Traditionally, many higher education institutions have leaned toward a “high-stakes” assessment model where testing takes place at a set time and place for all students.  Research does tell us that “goal directed practice coupled with targeted feedback is critical for learning.”* Therefore we recommend a more “low-stakes” assessment strategy where students have the opportunity to demonstrate knowledge through a variety of frequent, lower-stakes assessments throughout the course. The following sections will cover a few of the more useful assessment distinctions.

*Ambrose, Susan A., Bridges, Michael W., DiPietro, Michele, Lovett, Marsha C., and Norman, Marie K.. How Learning Works : Seven Research-Based Principles for Smart Teaching. Hoboken: John Wiley & Sons, Incorporated, 2010. Accessed August 11, 2021. ProQuest Ebook Central.

Formative & Summative Assessment

Obtaining student feedback is always a challenge. Depending on the teaching modality, it can be even harder to know how things are going for our students. It is critical to find means to assess students’ progress, thinking, and relationship to the class.

One way to do that is to add ongoing, frequent, and usually lower-stakes assessments to your course, in the hopes of guiding students, but also alerting both you and them if there are issues. Formative assessments can help with that, as long as we understand where they are of the most use.

Why formative …

  • To provide ongoing and frequent feedback
  • To impact further learning
  • To guide instruction
  • To be itself an opportunity for learning

Why summative …

  • To provide a cumulative assessment
  • To offer a standardized approach
  • To diagnose progress/readiness for matriculation or next level competency or certification
  • To ease grading (sometimes)

Asynchronous & Synchronous Assessment

Whether to save in-class time, leverage non-class periods, or simply offer a variety of assessment experiences, you may find yourself thinking about incorporating alternative assessments in your course, along with what we might think of as traditionally synchronous assessment. Some of the most effective assessments can be completed asynchronously, freeing class time for work that takes advantage of the students’ presence in the room. They also often have the benefit of aligning with and effectively measuring what our students are learning. 

This chart may help you think about opening up your course to a blend of asynchronous & synchronous assessments:

Assessments: Blending Synchronous and Asynchronous

Traditional synchronous assessmentQualities we
hope to preserve
Potential
barriers
Potential
asynchronous solutions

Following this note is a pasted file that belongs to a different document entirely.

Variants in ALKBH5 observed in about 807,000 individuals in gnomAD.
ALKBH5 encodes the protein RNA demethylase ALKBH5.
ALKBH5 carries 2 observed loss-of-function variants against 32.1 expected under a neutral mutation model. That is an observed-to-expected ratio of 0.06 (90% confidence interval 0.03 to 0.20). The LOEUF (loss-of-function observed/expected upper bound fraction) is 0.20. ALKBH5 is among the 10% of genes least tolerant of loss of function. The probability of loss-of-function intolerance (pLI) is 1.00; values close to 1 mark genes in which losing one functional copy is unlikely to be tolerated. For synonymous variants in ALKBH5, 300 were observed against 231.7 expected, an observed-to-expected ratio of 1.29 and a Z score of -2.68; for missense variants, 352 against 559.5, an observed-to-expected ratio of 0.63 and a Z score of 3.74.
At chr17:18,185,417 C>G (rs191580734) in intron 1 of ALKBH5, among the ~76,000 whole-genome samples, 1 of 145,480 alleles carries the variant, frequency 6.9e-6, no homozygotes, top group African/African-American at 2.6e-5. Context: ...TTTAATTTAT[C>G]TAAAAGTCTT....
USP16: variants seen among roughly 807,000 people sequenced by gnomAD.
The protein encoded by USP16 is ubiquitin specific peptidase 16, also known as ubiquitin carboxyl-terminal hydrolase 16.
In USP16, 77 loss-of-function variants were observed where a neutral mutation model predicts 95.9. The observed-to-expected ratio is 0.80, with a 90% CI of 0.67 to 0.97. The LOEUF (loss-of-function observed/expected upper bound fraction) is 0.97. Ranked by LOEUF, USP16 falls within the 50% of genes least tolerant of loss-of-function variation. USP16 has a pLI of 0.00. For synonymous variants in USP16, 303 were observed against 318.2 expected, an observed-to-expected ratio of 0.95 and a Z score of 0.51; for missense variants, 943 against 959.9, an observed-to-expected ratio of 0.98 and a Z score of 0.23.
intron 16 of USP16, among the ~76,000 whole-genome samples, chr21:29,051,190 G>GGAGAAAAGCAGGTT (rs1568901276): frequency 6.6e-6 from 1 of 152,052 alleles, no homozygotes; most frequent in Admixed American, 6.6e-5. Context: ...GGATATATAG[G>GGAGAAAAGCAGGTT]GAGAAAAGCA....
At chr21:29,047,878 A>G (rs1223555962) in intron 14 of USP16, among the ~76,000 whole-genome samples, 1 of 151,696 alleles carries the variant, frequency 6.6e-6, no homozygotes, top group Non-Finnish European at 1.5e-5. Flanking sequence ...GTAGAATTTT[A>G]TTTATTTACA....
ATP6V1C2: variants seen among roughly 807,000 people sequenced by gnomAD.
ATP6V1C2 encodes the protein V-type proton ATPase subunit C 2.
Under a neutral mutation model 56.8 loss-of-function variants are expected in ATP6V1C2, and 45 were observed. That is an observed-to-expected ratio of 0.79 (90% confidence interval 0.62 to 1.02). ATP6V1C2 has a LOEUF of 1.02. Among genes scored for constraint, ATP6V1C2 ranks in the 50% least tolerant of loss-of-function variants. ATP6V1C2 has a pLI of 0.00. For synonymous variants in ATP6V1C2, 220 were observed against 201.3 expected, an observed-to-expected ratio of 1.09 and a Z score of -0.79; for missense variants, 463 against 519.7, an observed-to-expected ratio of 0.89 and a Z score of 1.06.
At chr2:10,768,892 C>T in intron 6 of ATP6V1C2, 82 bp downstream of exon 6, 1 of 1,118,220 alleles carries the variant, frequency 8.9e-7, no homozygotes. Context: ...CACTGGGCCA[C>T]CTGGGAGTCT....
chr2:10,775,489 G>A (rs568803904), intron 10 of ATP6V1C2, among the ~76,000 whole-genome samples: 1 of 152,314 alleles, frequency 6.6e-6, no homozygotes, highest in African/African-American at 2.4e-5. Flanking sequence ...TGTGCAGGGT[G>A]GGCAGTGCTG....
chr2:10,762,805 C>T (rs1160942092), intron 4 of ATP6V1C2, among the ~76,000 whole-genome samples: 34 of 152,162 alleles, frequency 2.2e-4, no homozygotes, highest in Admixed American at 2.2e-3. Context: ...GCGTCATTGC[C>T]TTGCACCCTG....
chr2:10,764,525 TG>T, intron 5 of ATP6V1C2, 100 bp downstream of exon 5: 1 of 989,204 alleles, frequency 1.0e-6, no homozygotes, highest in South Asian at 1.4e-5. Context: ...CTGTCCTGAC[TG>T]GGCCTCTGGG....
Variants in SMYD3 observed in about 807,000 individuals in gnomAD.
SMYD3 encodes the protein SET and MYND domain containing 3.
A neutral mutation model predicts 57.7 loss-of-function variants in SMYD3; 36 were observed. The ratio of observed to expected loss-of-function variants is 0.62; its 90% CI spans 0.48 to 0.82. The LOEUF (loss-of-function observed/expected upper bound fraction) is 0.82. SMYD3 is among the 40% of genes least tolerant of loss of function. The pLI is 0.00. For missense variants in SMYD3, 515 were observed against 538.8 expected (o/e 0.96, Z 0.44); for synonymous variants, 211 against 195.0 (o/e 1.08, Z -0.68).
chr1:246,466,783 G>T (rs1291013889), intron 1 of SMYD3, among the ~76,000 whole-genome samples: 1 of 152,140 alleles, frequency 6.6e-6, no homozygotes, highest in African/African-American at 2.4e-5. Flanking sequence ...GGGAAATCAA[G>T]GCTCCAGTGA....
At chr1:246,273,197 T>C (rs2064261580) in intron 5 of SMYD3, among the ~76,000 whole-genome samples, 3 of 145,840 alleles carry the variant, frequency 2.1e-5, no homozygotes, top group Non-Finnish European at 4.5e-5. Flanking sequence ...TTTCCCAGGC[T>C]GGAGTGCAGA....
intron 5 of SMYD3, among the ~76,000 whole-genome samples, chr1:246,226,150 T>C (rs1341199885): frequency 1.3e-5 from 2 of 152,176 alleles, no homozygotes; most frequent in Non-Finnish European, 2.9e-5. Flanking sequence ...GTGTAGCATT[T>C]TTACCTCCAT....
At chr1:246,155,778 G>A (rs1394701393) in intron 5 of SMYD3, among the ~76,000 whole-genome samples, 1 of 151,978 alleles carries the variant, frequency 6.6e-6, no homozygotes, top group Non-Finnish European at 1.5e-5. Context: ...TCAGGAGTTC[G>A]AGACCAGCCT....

TEST/QUIZ
  • Measuring knowledge at a particular time
  • Ease of grading
  • Academic integrity violations
DISCUSSION
  • Rapid building of ideas off other ideas
  • Modeling of thinking and responding (provided by instructor as well as other students)
  • Discussion will lack energy of face-to-face
  • Students will not build off ideas
  • Google Chat (with history) can create more rapid interaction. It can be assessed via a rubric or # of responses.
  • Assessing discussion only during specific ranges of time can create urgency.
  • A rubric that specifically assesses how students build off other students’ comments can increase interaction.
PRESENTATION
  • Audience participation (giving feedback, asking questions)
  • Practice of “real life” presentation skills
  • Lack of audience
  • Having students respond via Annoto to recorded (NYU Stream) video presentations can generate specific responses.
  • Participation can also be encouraged by requiring specific frequency and level of responses via rubric.

Assessments: Evaluating Synchronous and Asynchronous Activities

You may also want to begin by mapping out an overall assessment strategy: think through what you do (or plan to do) and identify gaps, weaknesses, or areas where you may be using the same sort of assessment again and again.

You can use this chart to help you plan for alternate assessment strategies:

Traditional assessment activityPotential
alternatives
What I want
students to know
How will
I assess?
GROUP
DISCUSSION
Evaluate student participation in discussions SYNCHRONOUS
  • Zoom with comments (through the chat function or spoken aloud)
ASYNCHRONOUS
  • Digest key content
  • Work with others
  • Apply concepts to new situations
  • Be able to form and defend an argument
  • Think critically
  • Converse professionally with others who may have differing opinions
  • Assess via number of comments
  • Assess via quality of comments (using a rubric, students can also assess themselves or each other)
  • Assess via length of comments
WRITTEN
WORK
Write in margins of physical copies SYNCHRONOUS
  • Short video conferences via Zoom or Hangouts
ASYNCHRONOUS
  • Key concepts
  • Comment bank
  • Identify key points and then suggest student find further instances without repeating language
  • Rubric
GROUP
PROJECT
Long-term group projects SYNCHRONOUS
  • Occasional Zoom meetings with chat comments
ASYNCHRONOUS
  • Key content
  • How to apply a concept
  • How to answer questions on the fly
  • Frequent assessment
  • Evaluate understanding with rubric
  • Evaluate application with rubric
GROUP
PRESENTATION
In-class group presentations SYNCHRONOUS
  • Zoom presentations, including screen-sharing of PowerPoint slides and class interactions via chat
ASYNCHRONOUS
  • Key concepts
  • How to apply a concept
  • How to answer questions
  • How to effectively give a presentation to an audience
  • How to critique a presentation
  • Evaluate student understanding (using rubric)
  • Evaluate concept application (using rubric)
  • Evaluate performance during presentation
  • Require audience participation (# of questions) and assess quality/depth of questions via rubric
  • Peer assessment of presentations (using rubric)